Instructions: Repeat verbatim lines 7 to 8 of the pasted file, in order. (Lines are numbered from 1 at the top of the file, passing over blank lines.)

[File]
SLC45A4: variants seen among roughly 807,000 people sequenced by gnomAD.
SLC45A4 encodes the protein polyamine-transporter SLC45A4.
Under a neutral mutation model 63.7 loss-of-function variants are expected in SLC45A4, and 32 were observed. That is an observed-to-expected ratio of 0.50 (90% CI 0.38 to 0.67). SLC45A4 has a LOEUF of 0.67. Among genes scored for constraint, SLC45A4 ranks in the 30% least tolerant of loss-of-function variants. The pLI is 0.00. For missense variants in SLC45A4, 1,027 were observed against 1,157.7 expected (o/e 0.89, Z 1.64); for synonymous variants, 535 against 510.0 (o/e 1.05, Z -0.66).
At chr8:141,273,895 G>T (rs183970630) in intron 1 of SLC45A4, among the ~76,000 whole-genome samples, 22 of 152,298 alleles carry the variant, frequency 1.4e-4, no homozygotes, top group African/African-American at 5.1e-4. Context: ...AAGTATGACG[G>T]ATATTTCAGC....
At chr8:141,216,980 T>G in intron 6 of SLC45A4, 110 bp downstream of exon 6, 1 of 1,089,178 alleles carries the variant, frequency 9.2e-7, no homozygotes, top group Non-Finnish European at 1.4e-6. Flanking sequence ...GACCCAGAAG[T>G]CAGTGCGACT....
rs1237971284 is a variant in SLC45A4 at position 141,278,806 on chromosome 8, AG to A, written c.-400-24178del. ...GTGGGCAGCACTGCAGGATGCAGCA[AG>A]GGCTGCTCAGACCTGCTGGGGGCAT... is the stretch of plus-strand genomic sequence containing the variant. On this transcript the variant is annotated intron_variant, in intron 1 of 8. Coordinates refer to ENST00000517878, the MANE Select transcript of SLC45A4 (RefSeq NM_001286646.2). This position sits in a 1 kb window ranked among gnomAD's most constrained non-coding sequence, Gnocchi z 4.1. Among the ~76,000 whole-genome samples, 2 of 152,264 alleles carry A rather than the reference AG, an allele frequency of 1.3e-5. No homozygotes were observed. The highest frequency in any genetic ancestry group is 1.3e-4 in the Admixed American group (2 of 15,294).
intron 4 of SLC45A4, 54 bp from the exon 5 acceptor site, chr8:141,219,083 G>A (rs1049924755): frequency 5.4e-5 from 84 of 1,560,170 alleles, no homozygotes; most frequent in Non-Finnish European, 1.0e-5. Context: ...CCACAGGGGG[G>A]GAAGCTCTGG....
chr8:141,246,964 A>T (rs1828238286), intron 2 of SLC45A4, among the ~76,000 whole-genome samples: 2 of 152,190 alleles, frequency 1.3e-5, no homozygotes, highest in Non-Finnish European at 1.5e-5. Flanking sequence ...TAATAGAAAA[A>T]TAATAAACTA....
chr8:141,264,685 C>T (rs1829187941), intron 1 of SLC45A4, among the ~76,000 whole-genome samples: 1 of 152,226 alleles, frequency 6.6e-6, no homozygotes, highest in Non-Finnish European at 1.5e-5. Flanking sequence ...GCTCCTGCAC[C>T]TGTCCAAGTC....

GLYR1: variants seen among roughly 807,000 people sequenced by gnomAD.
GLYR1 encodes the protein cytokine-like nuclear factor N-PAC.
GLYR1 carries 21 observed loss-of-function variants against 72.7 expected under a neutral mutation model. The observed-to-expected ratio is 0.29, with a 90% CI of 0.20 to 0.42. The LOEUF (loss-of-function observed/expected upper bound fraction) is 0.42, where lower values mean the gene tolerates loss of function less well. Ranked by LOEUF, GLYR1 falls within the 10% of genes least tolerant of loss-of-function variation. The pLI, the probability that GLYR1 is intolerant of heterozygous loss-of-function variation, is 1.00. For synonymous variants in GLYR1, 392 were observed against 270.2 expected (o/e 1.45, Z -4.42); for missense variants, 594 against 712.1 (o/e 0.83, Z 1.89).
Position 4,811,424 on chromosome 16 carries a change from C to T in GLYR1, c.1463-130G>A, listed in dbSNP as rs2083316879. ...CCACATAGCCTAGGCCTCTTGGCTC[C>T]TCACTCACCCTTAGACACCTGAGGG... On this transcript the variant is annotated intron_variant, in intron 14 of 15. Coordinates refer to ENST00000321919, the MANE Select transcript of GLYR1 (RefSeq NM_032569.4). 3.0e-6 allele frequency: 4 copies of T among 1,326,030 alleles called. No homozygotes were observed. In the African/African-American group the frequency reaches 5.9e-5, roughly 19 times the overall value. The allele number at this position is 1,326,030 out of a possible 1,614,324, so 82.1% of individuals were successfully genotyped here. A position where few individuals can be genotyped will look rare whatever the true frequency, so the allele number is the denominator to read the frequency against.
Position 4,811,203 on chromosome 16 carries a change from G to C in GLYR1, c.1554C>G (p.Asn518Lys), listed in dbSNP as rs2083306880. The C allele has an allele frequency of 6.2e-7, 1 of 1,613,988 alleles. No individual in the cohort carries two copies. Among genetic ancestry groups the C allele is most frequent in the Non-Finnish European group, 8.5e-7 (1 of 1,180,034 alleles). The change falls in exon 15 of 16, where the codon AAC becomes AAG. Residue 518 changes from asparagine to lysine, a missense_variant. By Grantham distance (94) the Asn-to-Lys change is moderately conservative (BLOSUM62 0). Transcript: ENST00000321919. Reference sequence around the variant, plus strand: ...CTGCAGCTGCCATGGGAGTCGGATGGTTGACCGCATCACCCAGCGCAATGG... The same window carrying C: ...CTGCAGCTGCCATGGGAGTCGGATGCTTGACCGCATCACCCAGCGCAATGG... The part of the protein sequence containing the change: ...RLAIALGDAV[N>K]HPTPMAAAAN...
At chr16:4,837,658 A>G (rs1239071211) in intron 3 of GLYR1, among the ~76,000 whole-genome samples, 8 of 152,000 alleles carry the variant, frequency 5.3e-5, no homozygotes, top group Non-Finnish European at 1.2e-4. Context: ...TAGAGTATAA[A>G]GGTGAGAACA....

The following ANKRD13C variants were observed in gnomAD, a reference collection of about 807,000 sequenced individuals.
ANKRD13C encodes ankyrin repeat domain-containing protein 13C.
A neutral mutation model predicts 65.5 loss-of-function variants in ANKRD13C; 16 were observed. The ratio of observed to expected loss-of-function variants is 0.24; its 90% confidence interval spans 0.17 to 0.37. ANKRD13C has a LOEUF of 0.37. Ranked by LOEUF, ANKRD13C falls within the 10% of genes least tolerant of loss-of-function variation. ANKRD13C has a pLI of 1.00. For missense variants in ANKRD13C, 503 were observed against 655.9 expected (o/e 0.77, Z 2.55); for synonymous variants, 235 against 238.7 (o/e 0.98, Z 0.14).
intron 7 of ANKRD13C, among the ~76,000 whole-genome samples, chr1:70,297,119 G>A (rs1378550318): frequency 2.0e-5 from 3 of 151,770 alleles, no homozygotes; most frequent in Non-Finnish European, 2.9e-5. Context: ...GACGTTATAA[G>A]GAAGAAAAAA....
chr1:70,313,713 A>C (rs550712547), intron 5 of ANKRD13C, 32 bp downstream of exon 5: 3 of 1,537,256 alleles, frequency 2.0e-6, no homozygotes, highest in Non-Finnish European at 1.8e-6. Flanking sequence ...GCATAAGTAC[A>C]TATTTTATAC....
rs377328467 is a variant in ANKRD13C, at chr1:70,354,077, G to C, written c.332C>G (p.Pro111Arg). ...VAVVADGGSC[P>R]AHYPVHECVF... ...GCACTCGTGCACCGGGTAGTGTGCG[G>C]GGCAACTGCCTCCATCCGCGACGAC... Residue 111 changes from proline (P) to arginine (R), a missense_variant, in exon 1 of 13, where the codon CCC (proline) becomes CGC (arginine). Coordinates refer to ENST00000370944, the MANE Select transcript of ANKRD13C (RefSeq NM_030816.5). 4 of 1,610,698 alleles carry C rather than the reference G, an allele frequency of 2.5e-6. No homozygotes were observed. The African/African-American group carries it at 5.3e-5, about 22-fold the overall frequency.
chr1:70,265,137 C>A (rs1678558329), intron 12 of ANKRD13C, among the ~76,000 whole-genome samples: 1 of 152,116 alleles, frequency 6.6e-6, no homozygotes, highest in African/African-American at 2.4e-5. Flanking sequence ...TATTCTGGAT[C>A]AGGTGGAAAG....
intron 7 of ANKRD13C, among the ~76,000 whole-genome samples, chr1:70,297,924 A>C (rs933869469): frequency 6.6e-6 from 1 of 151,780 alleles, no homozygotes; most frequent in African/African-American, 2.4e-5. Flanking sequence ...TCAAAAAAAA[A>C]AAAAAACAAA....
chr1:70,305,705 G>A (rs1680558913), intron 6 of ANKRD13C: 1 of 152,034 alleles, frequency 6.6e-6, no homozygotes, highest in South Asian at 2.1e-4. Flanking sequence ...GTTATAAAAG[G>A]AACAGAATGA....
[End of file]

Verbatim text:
intron 4 of SLC45A4, 54 bp from the exon 5 acceptor site, chr8:141,219,083 G>A (rs1049924755): frequency 5.4e-5 from 84 of 1,560,170 alleles, no homozygotes; most frequent in Non-Finnish European, 1.0e-5. Context: ...CCACAGGGGG[G>A]GAAGCTCTGG....
chr8:141,246,964 A>T (rs1828238286), intron 2 of SLC45A4, among the ~76,000 whole-genome samples: 2 of 152,190 alleles, frequency 1.3e-5, no homozygotes, highest in Non-Finnish European at 1.5e-5. Flanking sequence ...TAATAGAAAA[A>T]TAATAAACTA....